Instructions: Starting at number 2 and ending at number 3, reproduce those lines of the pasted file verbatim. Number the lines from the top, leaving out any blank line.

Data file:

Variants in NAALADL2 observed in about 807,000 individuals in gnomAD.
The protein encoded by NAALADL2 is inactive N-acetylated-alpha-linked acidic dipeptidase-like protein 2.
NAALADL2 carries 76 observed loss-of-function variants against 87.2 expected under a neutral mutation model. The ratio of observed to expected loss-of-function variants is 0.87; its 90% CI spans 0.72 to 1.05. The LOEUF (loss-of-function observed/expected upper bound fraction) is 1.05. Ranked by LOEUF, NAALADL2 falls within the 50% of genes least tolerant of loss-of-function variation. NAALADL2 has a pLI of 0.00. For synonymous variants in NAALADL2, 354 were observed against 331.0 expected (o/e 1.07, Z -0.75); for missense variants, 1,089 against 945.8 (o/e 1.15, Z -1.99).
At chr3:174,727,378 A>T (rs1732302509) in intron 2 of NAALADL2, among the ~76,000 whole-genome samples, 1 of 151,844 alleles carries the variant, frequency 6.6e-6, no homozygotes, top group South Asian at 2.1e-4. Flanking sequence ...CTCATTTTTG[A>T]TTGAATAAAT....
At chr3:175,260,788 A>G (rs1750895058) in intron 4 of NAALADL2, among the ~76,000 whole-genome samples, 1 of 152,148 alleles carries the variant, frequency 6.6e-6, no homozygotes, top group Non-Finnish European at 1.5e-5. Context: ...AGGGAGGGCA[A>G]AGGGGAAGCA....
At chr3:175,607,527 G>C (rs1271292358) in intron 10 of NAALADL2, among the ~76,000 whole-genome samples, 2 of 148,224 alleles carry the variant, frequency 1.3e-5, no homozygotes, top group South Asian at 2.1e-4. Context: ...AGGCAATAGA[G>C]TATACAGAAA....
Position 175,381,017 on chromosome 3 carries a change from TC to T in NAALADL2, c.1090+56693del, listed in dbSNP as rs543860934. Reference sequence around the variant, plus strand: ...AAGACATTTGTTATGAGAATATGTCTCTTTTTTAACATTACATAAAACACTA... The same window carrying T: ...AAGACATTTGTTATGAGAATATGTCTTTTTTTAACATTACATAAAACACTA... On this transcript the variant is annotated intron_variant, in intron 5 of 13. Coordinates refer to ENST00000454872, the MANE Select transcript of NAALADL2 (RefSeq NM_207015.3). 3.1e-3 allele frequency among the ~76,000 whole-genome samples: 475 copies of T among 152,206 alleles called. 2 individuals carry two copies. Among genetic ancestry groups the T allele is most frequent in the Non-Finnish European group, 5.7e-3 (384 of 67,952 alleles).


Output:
The protein encoded by NAALADL2 is inactive N-acetylated-alpha-linked acidic dipeptidase-like protein 2.
NAALADL2 carries 76 observed loss-of-function variants against 87.2 expected under a neutral mutation model. The ratio of observed to expected loss-of-function variants is 0.87; its 90% CI spans 0.72 to 1.05. The LOEUF (loss-of-function observed/expected upper bound fraction) is 1.05. Ranked by LOEUF, NAALADL2 falls within the 50% of genes least tolerant of loss-of-function variation. NAALADL2 has a pLI of 0.00. For synonymous variants in NAALADL2, 354 were observed against 331.0 expected (o/e 1.07, Z -0.75); for missense variants, 1,089 against 945.8 (o/e 1.15, Z -1.99).